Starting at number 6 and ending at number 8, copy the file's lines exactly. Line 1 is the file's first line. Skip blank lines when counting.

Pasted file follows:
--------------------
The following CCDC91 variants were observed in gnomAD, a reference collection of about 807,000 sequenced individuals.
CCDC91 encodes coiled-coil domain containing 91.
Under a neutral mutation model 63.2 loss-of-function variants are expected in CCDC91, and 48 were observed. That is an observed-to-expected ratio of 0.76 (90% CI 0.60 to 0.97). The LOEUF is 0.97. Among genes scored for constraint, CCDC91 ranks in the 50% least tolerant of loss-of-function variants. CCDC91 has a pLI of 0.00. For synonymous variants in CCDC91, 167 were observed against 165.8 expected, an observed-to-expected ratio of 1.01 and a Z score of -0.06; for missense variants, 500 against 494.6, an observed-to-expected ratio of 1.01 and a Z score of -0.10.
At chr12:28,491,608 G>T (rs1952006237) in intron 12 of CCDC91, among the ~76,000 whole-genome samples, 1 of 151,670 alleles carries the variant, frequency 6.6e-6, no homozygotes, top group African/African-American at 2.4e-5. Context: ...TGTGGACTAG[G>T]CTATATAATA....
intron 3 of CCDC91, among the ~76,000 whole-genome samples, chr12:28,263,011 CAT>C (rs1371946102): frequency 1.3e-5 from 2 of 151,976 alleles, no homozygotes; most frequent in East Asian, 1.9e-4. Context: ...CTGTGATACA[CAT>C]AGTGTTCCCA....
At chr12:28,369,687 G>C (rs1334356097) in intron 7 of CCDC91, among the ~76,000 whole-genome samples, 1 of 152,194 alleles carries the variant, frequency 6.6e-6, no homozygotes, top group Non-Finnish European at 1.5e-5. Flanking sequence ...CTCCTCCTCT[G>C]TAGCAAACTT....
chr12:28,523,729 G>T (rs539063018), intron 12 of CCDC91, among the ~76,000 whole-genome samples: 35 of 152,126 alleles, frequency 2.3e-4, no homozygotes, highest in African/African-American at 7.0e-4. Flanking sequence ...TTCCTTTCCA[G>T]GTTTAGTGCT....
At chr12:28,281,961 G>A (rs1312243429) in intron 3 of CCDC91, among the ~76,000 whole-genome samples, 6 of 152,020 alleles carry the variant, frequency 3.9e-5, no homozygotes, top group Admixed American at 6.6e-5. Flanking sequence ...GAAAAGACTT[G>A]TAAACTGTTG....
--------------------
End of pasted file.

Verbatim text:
At chr12:28,369,687 G>C (rs1334356097) in intron 7 of CCDC91, among the ~76,000 whole-genome samples, 1 of 152,194 alleles carries the variant, frequency 6.6e-6, no homozygotes, top group Non-Finnish European at 1.5e-5. Flanking sequence ...CTCCTCCTCT[G>C]TAGCAAACTT....
chr12:28,523,729 G>T (rs539063018), intron 12 of CCDC91, among the ~76,000 whole-genome samples: 35 of 152,126 alleles, frequency 2.3e-4, no homozygotes, highest in African/African-American at 7.0e-4. Flanking sequence ...TTCCTTTCCA[G>T]GTTTAGTGCT....
At chr12:28,281,961 G>A (rs1312243429) in intron 3 of CCDC91, among the ~76,000 whole-genome samples, 6 of 152,020 alleles carry the variant, frequency 3.9e-5, no homozygotes, top group Admixed American at 6.6e-5. Flanking sequence ...GAAAAGACTT[G>A]TAAACTGTTG....